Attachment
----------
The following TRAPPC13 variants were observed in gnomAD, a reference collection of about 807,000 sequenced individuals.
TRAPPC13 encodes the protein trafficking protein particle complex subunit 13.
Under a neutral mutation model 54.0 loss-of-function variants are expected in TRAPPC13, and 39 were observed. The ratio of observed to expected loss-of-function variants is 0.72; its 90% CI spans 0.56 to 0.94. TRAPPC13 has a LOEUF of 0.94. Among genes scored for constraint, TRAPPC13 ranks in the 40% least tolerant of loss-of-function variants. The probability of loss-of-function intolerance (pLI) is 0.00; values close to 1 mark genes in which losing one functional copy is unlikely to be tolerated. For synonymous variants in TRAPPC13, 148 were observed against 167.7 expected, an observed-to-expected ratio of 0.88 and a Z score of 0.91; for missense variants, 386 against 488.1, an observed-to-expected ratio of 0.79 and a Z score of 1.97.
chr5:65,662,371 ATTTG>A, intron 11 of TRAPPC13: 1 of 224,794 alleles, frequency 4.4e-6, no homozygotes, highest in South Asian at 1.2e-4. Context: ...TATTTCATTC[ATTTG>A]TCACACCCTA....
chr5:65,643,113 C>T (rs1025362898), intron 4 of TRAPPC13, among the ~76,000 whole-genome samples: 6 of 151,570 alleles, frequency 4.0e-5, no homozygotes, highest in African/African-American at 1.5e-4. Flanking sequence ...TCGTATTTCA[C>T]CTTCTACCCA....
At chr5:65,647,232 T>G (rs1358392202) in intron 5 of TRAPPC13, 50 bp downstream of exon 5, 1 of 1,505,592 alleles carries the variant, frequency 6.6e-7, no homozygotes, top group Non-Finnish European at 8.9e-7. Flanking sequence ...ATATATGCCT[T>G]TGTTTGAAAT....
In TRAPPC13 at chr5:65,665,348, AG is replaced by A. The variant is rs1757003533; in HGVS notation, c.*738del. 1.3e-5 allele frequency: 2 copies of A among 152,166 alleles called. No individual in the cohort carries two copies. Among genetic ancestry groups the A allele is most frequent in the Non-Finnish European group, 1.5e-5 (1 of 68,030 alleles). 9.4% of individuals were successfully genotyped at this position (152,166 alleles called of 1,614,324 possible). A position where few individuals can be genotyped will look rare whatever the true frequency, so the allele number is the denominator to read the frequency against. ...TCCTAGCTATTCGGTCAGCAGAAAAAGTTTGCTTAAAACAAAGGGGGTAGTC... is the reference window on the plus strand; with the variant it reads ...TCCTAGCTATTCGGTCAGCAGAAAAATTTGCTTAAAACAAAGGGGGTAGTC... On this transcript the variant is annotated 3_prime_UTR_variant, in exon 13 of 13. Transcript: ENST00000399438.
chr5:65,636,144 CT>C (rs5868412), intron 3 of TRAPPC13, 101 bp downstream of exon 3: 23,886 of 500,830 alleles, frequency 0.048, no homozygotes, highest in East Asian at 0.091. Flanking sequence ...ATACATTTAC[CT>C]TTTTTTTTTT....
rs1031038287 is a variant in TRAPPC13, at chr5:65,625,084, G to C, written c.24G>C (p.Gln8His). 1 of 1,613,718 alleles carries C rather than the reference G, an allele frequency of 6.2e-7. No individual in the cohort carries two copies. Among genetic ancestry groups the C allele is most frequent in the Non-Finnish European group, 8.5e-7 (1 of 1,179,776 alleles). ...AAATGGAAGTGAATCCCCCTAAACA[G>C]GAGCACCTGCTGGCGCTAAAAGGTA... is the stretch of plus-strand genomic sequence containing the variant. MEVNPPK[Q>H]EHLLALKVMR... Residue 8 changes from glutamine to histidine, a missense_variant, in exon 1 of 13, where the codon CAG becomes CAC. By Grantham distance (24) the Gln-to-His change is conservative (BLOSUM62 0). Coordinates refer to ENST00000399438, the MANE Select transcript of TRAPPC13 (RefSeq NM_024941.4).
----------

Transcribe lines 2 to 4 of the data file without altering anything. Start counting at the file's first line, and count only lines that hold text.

TRAPPC13 encodes the protein trafficking protein particle complex subunit 13.
Under a neutral mutation model 54.0 loss-of-function variants are expected in TRAPPC13, and 39 were observed. The ratio of observed to expected loss-of-function variants is 0.72; its 90% CI spans 0.56 to 0.94. TRAPPC13 has a LOEUF of 0.94. Among genes scored for constraint, TRAPPC13 ranks in the 40% least tolerant of loss-of-function variants. The probability of loss-of-function intolerance (pLI) is 0.00; values close to 1 mark genes in which losing one functional copy is unlikely to be tolerated. For synonymous variants in TRAPPC13, 148 were observed against 167.7 expected, an observed-to-expected ratio of 0.88 and a Z score of 0.91; for missense variants, 386 against 488.1, an observed-to-expected ratio of 0.79 and a Z score of 1.97.
chr5:65,662,371 ATTTG>A, intron 11 of TRAPPC13: 1 of 224,794 alleles, frequency 4.4e-6, no homozygotes, highest in South Asian at 1.2e-4. Context: ...TATTTCATTC[ATTTG>A]TCACACCCTA....